Iran has not given up on plans to boost its oil production to more than 5 million barrels per day despite the lack of progress on nuclear talks, Bloomberg reported, citing the managing director of the National Iranian Oil Company.
“Plans are in place to increase oil output to more than 5 million barrels a day,” Mohsen Khojastehmehr told IRNA ahead of the new round of nuclear talks in Vienna that begins today, after a five-month pause.
The BBC reports that Western diplomats are warning that time is running out for a deal as Iran has made serious advancements in its uranium enrichment program since the U.S. reintroduced sanctions on the country. The country has repeatedly insisted that its nuclear program is peaceful. It has also insisted that the U.S. make the first move and lift sanctions before Tehran agrees to grant any concessions to the rest of the signatories of the Joint Comprehensive Plan of Action, commonly known as the Iran nuclear deal.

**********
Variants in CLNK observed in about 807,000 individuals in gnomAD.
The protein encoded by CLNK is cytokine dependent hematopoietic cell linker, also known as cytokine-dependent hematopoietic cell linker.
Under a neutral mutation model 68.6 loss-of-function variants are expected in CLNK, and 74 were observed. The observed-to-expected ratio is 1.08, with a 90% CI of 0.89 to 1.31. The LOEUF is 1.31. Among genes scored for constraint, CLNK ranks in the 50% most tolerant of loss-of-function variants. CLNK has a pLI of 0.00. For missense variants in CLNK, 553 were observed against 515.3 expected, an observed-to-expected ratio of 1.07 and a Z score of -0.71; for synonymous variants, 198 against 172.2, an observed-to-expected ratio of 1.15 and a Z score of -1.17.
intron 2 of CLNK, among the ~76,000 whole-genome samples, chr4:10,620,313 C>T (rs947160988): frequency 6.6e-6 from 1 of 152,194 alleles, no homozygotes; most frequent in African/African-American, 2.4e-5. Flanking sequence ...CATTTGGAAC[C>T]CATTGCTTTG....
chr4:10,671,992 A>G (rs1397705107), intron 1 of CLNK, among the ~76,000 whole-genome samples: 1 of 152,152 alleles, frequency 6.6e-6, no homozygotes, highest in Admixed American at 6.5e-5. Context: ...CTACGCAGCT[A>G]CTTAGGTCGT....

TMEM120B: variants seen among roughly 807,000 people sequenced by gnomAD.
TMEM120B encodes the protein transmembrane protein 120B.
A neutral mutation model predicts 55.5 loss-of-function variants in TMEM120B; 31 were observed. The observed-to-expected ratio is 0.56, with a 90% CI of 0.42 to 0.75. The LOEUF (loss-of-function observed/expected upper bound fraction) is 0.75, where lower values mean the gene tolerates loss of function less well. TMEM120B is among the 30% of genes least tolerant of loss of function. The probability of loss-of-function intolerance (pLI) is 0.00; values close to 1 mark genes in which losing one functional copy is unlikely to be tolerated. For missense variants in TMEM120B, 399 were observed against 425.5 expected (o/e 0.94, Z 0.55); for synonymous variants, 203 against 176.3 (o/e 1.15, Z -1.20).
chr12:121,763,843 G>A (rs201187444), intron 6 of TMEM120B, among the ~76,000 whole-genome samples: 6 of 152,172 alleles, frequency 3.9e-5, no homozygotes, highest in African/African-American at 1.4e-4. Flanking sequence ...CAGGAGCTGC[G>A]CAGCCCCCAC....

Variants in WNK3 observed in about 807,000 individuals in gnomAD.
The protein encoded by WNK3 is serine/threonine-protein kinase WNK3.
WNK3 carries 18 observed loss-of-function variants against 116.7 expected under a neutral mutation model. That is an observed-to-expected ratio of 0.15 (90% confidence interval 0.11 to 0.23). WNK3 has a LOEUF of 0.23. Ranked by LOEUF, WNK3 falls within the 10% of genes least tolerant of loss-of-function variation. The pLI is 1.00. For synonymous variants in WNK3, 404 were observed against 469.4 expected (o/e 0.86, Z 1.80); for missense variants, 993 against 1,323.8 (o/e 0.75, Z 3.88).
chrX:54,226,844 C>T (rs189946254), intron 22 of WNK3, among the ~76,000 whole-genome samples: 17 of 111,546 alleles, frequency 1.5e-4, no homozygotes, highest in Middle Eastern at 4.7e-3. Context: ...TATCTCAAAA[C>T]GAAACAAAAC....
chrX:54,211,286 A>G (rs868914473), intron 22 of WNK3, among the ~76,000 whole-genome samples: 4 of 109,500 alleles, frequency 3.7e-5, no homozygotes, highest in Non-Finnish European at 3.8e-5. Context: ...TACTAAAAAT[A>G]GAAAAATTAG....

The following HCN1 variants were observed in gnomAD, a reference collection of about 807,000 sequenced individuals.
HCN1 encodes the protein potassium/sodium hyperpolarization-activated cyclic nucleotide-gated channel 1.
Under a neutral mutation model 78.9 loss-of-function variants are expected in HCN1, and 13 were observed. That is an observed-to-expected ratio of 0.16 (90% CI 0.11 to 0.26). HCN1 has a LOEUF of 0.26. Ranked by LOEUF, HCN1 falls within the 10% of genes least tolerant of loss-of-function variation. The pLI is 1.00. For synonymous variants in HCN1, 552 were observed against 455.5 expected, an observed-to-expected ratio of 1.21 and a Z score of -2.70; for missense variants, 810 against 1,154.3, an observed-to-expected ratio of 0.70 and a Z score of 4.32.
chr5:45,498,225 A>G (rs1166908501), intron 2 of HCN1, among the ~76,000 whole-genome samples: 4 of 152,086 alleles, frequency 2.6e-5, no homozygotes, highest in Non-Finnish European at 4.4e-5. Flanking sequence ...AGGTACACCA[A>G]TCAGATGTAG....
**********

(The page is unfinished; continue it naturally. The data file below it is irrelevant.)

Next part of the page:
The U.S. sanctions, reintroduced by the Trump administration, targeted Iran’s oil industry because of its vital importance for the country’s economy, and led to a substantial decline in crude production. They never accomplished the administration’s aim of bringing Iran’s oil output down to zero, mostly because of China, which remained a large buyer of Iranian crude. Related: Oil Nations Are Selling Billions In Green Bonds
Now, Tehran plans to have a production capacity of 4 million bpd by the end of the current Iranian year, which ends next March, Khojastehmehr said. In earlier reports, senior Iranian officials said Tehran wants to have a new version of the nuclear deal also by the end of the current year.
Meanwhile, Iran has signaled that it would welcome foreign investments in its oil industry. In fact, a couple of months ago, oil minister Javad Owji said the government was drafting plans to attract some $145 billion in fresh investment—both domestic and foreign—in its oil and gas industry over the next eight years.
By Irina Slav for Oilprice.com
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